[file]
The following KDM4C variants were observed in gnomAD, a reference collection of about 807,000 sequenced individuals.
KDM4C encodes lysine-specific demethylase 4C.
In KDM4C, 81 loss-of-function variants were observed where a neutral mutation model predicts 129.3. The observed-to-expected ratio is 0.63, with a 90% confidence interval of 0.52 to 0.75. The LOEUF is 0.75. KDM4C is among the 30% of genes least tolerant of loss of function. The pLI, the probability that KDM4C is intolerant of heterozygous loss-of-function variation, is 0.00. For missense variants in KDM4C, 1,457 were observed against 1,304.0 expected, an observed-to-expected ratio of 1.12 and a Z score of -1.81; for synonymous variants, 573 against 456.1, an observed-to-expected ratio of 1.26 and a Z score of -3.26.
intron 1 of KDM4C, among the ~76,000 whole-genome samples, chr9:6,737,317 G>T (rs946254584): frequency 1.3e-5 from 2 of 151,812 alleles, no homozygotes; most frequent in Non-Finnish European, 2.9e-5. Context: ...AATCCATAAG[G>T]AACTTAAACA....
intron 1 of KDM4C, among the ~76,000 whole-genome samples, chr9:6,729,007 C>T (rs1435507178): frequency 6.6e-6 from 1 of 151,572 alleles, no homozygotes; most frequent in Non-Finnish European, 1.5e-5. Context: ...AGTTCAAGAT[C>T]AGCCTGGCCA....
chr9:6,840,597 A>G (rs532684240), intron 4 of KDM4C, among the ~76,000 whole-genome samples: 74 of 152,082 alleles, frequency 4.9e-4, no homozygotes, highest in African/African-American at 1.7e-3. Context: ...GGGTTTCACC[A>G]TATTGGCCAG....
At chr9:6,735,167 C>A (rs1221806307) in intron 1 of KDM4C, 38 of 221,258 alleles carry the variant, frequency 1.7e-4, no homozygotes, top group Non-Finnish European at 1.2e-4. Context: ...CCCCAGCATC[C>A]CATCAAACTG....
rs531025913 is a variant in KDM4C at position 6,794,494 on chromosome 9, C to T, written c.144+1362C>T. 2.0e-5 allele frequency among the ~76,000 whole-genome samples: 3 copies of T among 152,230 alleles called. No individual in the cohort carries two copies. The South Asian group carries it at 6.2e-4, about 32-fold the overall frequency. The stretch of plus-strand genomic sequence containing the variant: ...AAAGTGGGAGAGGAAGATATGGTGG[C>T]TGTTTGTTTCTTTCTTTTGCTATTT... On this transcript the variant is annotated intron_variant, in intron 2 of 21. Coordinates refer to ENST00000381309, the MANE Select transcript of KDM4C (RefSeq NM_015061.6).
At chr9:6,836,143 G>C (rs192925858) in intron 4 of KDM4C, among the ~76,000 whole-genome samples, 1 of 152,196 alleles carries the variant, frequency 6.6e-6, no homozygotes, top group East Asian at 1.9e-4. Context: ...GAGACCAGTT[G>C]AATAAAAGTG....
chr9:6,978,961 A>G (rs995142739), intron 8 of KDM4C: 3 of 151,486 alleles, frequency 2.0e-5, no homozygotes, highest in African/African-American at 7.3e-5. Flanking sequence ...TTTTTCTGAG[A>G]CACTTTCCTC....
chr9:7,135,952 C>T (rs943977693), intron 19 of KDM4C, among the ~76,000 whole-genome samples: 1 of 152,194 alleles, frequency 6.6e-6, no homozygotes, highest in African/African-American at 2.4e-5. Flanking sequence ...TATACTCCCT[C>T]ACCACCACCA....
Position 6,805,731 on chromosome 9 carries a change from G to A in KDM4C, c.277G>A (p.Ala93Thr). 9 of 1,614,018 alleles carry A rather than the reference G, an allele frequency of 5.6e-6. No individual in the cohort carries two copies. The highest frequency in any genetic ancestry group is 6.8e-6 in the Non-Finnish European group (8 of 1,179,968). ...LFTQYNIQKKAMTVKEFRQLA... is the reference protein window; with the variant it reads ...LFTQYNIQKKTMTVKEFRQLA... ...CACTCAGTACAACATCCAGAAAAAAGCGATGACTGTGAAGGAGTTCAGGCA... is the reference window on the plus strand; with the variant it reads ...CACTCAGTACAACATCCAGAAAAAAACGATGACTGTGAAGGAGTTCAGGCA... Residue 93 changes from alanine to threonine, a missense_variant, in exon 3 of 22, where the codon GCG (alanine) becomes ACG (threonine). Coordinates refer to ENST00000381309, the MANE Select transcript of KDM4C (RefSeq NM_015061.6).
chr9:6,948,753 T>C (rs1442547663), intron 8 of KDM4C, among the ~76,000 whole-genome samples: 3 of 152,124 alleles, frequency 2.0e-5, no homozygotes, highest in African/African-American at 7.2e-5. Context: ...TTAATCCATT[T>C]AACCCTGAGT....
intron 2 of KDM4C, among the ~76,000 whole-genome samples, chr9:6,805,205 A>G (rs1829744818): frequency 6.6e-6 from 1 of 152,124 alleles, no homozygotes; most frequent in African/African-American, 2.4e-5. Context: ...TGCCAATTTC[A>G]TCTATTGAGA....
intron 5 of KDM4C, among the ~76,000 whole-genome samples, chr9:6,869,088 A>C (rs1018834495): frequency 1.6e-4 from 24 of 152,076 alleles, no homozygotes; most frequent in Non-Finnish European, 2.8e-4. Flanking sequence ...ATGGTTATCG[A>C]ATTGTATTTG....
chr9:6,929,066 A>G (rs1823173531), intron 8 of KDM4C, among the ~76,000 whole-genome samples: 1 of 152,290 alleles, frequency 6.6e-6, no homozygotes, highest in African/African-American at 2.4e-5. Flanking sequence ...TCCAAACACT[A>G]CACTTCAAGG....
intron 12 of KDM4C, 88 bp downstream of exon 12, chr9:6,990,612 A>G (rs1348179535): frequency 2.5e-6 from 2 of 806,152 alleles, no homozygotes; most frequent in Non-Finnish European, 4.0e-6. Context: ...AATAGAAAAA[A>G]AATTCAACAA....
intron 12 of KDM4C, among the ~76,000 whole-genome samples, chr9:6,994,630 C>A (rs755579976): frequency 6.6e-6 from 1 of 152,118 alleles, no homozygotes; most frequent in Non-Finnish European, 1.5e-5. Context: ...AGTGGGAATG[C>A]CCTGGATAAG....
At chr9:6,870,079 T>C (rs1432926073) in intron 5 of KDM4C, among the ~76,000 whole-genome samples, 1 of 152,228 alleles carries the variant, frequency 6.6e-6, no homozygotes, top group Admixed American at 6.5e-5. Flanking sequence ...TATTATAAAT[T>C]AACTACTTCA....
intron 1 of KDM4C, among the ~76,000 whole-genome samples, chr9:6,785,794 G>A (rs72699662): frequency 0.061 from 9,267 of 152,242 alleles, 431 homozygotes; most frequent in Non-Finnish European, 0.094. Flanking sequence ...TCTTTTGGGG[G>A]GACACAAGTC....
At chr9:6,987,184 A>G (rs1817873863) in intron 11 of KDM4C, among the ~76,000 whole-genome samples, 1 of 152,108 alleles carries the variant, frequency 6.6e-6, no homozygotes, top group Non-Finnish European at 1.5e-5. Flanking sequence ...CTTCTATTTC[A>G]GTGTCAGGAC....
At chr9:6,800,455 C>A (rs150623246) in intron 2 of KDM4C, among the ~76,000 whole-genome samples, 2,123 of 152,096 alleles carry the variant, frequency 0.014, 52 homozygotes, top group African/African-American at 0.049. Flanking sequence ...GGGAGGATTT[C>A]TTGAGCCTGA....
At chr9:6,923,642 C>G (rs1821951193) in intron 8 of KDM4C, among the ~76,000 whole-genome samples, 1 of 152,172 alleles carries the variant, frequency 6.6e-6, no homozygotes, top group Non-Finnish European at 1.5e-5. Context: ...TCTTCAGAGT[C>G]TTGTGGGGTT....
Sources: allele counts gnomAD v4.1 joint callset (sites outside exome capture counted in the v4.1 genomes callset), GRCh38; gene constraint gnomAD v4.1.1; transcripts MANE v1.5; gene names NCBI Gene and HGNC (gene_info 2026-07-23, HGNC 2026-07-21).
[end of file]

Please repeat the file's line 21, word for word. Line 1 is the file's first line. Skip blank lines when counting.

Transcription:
At chr9:6,987,184 A>G (rs1817873863) in intron 11 of KDM4C, among the ~76,000 whole-genome samples, 1 of 152,108 alleles carries the variant, frequency 6.6e-6, no homozygotes, top group Non-Finnish European at 1.5e-5. Flanking sequence ...CTTCTATTTC[A>G]GTGTCAGGAC....